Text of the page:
Go from renter to homeowner with a firefighter mortgage program
Firefighter mortgage programs are designed to make homeownership more accessible for these important public servants.
Depending on your needs and where you want to buy, as a firefighter, you might be in line for extra-low mortgage rates, discounted fees, and even home buying grants.
These special mortgage programs put homeownership within reach for firefighters nationwide. Explore your options to see what’s available where you live.
Verify your home buying eligibility (Jun 29th, 2020)
8 home loans for firefighters
- Good Neighbor Next Door
- Firefighter Next Door
- Homes for Heroes
- Wells Fargo NeighborhoodLIFT®
- Firefighter credit unions’ mortgage programs
- Down payment assistance programs
- Local home loan programs for firefighters
Other options for firefighters: Standard mortgage programs
1. Good Neighbor Next Door
Good Neighbor Next Door (GNND) has to head any list of firefighter mortgage programs.
That’s because Good Neighbor Next Door offers you a half-price home.
Literally: you’re given “a discount of 50% from the list price of the home,” according to the website of the US Department of Housing and Urban Development (HUD), which runs the program.
You’re already asking, “What’s the catch?” And there are several. Those include that you must:
- Be a paid firefighter (volunteers are not eligible)
- Buy in a designated “revitalization” area, which by definition is likely to be economically challenged
- Live in the house for at least three years
- Select your home from HUD’s own, limited listings, which comprise FHA foreclosures
Admittedly, many will find these rules too restrictive.
You might not want to commit to living in a socially challenged neighborhood for three years. It may be a long way from work. There could be a shortage of suitable HUD homes when you’re looking … there’s a long list of possible objections.
But imagine where you’ll be in three years. You’ll likely have a 40% or 50% down payment on a great home in a better neighborhood. And you’ll have climbed several rungs on the housing ladder in just 36 short months. Worth it? Up to you.
2. Firefighter Next Door
Firefighter Next Door (FND) lacks GNND’s home-price discount. But it offers instead a range of very attractive benefits that are open to paid and volunteer firefighters alike — as well as EMTs and support staff. And it lacks those GNND rules that can be offputting.
Firefighter Next Door mortgage benefits include:
- Home buying grants between $1,000-$4,170, or up to $6,000 in certain areas
- Down payment assistance of up to $10,681
- No application fee or broker fees
- Free appraisal (cash grant of $545 on closing)
- Discounted title fees
- A streamlined refinance process
And, unlike with GNND, you can buy any mortgageable home you want, wherever you want. You do not have to purchase a home listed by HUD.
Firefighter Next Door also doesn’t impose any minimum residency requirements, though some of the down payment assistance programs it introduces you to might.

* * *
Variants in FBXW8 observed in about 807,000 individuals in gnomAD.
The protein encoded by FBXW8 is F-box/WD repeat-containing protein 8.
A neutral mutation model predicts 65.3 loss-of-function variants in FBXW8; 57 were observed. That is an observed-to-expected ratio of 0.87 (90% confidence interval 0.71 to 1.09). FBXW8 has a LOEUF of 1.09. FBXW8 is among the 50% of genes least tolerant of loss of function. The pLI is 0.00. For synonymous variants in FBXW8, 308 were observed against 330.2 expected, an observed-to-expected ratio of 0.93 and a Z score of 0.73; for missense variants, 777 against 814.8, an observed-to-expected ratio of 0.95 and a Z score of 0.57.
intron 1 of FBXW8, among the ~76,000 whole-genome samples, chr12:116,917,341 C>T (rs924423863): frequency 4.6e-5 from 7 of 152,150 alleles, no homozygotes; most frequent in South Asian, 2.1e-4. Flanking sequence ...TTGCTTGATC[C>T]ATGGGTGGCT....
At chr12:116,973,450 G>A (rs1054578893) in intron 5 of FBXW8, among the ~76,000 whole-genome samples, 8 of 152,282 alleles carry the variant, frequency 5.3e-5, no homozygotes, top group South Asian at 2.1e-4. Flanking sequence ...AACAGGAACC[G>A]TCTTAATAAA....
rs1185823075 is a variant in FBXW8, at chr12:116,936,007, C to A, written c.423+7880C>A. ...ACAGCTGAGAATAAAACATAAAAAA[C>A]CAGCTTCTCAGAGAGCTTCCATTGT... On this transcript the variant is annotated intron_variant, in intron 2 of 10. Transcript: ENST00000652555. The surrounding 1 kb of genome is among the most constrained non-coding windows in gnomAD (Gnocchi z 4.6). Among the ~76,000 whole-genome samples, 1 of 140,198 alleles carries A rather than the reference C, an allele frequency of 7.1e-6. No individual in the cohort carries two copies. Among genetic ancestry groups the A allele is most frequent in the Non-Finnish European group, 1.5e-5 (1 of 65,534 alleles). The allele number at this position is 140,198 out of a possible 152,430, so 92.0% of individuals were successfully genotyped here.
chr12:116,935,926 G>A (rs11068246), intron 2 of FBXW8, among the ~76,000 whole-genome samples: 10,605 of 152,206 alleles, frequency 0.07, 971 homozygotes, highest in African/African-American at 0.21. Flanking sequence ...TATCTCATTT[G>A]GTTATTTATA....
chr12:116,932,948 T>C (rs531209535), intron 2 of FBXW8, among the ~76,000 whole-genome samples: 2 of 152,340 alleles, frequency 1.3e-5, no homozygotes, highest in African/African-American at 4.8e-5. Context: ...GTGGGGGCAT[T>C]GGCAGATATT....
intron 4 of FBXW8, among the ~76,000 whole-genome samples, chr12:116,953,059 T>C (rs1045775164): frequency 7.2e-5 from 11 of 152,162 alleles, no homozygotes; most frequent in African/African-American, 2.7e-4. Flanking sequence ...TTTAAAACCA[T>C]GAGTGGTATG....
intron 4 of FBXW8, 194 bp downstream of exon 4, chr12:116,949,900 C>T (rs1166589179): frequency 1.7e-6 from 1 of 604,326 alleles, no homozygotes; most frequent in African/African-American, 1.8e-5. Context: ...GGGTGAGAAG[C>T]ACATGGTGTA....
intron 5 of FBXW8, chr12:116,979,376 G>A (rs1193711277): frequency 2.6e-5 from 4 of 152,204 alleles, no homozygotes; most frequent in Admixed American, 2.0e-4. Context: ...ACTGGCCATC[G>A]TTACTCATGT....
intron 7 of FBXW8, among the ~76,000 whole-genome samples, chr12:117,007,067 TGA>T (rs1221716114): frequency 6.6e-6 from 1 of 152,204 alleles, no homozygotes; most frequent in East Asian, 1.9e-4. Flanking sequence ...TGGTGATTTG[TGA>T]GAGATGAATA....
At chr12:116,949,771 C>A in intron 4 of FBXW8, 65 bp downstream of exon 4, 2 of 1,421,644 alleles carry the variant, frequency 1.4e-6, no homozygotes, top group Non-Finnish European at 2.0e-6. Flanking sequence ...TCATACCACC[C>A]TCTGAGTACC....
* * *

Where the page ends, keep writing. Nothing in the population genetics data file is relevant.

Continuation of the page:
Firefighter Next Door: Fresh Start Program
Fresh Start is an add-on to the main FND program. It helps those whose credit scores are too low for them to qualify for a mortgage. FND’s website explains:
“We will discover exactly what credit challenges are preventing your mortgage loan from being approved and help you overcome these issues as quickly and efficiently as possible.
“This service has proven to be extremely effective in helping buyers raise their credit scores and make home ownership a reality. Consultations are FREE.“
If you’re a firefighter looking to buy a home, but have a low credit score, we’d highly recommend looking into this program.
3. Homes for Heroes
Homes for Heroes (HFH) says its qualifying heroes include current and former firefighters, paramedics and EMTs.
It reckons those heroes save on average $2,400 when they buy or sell a home through its program.
When you’re buying, those savings come from discounts from property professionals who are participants in the HFH program. So you can save on fees charged by:
- Real estate agents
- Mortgage providers
- Home inspectors
- Title specialists
Your savings will come in the form of a single check from HFH after closing. And the more of those participating specialists you use, the more you should save.
You can also save when you’re selling through a participating agent. You should get a 25% discount on gross commission.
4. NeighborhoodLIFT (Wells Fargo)
NeighborhoodLIFT isn’t exclusively for firefighters or even first responders. So this is one that might help volunteer firefighters. And Wells Fargo says:
“From firefighters and police officers to veterans, hundreds of first responders across the U.S. have become homeowners with help from Wells Fargo’s NeighborhoodLIFT® program.”
The bank reckons, “Down payment assistance grants can total up to $15,000 for most recipients,” though the actual amount varies depending on the housing market where you live.
This program is intended to help those on modest or moderate incomes. So if you’re a volunteer firefighter with a highly paid main job, you probably won’t qualify for (or need) help.